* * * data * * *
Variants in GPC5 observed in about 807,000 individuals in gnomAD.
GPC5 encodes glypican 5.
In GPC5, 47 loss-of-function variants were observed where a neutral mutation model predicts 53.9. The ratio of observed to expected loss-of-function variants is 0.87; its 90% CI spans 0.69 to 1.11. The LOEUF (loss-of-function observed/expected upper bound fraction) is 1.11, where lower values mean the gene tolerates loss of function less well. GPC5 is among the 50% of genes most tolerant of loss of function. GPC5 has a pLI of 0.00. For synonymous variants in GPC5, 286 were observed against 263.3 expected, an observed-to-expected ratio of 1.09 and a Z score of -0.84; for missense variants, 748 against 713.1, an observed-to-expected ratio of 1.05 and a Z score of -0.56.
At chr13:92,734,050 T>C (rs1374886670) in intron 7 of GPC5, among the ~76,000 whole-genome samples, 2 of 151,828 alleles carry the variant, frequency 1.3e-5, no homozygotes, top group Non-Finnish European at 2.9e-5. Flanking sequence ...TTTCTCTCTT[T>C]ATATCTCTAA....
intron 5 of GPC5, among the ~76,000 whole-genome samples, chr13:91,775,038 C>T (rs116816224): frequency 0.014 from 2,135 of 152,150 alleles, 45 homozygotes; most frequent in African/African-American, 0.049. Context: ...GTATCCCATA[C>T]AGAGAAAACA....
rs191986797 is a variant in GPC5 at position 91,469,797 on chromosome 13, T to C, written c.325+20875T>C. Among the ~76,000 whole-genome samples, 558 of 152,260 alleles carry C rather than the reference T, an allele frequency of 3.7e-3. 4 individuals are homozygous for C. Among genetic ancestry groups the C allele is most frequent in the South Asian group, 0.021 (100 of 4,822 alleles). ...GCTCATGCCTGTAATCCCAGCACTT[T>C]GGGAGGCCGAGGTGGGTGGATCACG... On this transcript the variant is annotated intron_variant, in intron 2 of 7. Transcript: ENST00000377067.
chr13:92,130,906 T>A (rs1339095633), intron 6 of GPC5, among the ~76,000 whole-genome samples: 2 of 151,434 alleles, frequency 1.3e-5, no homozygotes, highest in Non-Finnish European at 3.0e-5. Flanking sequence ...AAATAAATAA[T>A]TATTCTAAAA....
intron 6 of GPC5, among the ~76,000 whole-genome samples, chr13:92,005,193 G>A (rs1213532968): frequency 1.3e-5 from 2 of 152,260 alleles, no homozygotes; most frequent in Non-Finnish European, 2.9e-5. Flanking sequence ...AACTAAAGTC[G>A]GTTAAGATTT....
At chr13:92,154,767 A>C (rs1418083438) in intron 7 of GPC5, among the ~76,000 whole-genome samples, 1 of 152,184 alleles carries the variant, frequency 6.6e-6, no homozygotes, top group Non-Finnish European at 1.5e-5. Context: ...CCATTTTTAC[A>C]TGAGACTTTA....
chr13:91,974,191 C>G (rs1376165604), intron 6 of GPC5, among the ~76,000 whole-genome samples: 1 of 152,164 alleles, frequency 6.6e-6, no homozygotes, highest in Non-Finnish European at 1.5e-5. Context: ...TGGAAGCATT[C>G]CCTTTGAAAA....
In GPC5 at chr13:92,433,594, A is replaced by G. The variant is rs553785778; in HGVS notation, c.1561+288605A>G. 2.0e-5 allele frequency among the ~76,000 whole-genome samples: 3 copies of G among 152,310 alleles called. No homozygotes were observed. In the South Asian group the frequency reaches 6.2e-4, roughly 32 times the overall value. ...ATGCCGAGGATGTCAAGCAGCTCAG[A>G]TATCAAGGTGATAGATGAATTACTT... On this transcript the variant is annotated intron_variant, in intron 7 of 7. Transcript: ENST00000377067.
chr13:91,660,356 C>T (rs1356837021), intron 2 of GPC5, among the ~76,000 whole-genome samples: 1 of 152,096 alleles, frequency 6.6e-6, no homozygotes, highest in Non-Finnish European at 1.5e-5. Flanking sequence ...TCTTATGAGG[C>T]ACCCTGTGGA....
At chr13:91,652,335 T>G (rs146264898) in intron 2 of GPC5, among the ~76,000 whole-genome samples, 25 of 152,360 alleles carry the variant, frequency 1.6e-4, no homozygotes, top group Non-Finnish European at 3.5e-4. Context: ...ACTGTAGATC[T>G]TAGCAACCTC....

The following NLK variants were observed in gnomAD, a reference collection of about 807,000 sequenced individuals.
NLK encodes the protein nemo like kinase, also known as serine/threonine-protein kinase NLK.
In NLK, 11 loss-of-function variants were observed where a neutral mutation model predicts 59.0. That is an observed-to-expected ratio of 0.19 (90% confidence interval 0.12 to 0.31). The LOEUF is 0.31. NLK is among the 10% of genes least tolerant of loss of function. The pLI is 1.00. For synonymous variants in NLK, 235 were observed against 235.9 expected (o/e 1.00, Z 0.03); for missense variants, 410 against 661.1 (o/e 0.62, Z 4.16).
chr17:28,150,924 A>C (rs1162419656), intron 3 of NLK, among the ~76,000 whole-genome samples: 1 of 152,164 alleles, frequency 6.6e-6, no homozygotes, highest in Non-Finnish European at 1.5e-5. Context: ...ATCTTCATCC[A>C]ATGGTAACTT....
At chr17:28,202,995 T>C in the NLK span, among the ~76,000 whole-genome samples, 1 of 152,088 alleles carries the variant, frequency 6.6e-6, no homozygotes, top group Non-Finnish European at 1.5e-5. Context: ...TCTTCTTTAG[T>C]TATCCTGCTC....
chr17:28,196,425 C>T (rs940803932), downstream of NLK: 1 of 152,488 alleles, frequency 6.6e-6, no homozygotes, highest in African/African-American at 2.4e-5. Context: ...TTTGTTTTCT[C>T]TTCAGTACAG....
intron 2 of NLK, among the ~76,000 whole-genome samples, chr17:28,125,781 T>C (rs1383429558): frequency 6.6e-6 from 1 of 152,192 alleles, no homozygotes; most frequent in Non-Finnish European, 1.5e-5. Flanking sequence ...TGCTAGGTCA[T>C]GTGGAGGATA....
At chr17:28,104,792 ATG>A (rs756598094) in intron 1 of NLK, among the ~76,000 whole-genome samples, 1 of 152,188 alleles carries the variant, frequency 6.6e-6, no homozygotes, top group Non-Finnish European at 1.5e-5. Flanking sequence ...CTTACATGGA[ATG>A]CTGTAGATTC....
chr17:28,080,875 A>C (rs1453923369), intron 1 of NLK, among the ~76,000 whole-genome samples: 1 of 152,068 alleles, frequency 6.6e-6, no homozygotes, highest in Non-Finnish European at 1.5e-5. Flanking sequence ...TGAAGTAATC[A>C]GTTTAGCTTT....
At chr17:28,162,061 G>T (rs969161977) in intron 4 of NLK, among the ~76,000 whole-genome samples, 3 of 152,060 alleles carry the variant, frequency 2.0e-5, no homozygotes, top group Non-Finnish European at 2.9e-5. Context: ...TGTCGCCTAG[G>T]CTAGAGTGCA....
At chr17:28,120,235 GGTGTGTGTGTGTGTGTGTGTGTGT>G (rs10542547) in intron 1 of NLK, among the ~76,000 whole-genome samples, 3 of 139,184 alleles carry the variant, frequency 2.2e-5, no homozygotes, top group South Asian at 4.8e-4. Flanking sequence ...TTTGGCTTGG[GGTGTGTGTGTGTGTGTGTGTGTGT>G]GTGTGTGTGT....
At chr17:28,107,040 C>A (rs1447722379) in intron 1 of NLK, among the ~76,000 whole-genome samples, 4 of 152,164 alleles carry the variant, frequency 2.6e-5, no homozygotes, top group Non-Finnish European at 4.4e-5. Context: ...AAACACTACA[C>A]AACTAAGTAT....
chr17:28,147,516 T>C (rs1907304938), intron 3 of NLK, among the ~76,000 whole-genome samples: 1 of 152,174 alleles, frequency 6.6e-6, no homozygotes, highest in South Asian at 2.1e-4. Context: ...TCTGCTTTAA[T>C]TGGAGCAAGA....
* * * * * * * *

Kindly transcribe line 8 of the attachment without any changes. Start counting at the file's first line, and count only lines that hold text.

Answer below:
intron 6 of GPC5, among the ~76,000 whole-genome samples, chr13:92,005,193 G>A (rs1213532968): frequency 1.3e-5 from 2 of 152,260 alleles, no homozygotes; most frequent in Non-Finnish European, 2.9e-5. Flanking sequence ...AACTAAAGTC[G>A]GTTAAGATTT....